When the Millennium Development Goals (MDG) were established in 2000, 2015 was designated as the target year to achieve many improvements in access to basic human rights such as water and basic sanitation.
Access to water ensures reliable sources of safe drinking water, and basic sanitation guarantees hygienic separation of human excreta from human contact. The MDG established a mission to halve the number of people worldwide without sustainable access to sanitation and drinking water between 1990 and 2015.
According to the United Nations, the world successfully halved the number of people without access to drinking water by 2010, and by 2015, a total of 2.6 billion people gained water access. Meanwhile, 2.1 billion people have gained sanitation access in this time. However, 2.4 billion people have still not seen improvement in this area.
The benefits of clean water access and sanitation are countless, as safe water is a fundamental building block to security in other areas of life. According to ONE, for every $1 invested in water and sanitation, there is at least $4 of increased economic opportunity in developing nations.
Also according to ONE, with universal water access and sanitation, the globe would receive approximately $32 billion of economic benefits annually due to reductions in healthcare costs and increased work productivity from increased standards of life.
A reporter from ONE notes that $22 billion would be generated just in Africa and that African women would be especially impacted by such access. Research has demonstrated that clean water and sanitation has had the power to increase school enrollment rates for females by more than 15 percent in relevant areas.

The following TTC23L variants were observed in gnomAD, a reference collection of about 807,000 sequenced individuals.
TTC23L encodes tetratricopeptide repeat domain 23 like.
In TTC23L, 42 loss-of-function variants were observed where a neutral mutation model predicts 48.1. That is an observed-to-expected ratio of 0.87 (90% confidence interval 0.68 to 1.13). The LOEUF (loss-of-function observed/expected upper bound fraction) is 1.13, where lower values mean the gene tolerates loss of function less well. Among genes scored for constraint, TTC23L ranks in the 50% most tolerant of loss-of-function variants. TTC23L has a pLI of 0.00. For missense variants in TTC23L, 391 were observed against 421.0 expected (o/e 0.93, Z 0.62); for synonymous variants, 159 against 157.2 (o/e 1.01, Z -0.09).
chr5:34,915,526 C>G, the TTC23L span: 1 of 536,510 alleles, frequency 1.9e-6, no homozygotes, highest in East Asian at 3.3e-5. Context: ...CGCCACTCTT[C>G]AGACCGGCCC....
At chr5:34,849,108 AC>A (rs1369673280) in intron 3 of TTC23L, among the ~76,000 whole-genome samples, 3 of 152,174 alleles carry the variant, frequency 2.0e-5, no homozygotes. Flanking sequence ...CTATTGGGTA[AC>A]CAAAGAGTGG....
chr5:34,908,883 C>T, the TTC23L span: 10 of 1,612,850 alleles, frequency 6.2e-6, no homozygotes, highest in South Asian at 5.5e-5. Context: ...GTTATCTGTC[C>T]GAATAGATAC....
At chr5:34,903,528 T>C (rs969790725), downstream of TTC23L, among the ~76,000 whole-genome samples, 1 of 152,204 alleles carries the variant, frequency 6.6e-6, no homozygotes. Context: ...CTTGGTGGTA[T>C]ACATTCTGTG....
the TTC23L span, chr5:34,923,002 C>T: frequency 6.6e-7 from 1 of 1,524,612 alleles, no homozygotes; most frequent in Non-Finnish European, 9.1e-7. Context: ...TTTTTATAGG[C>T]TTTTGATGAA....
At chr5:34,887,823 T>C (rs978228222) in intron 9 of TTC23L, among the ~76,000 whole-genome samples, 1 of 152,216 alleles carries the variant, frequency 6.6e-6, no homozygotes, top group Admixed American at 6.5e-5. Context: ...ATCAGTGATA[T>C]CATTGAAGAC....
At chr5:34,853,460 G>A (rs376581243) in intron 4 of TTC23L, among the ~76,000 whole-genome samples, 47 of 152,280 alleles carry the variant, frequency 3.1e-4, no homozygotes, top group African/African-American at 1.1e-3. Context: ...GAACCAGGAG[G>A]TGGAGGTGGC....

Despite improvements, the world still has a far journey to travel, which has been a big topic of discussion throughout MDG Target Year 2015. Especially with regard to sanitation, the world has reaffirmed its commitment to improving sanitation standards moving forward.
The Stockholm International Water Institute (SIWI) annually hosts World Water Week to discuss these issues. This year’s theme was Water For Development, accordingly, to reestablish a global focus on sustainable development for impoverished nations.
Held recently at the end of August, world leaders gathered to discuss the importance of the United Nations Sustainable Development Goals in the future.
– Arin Kerstein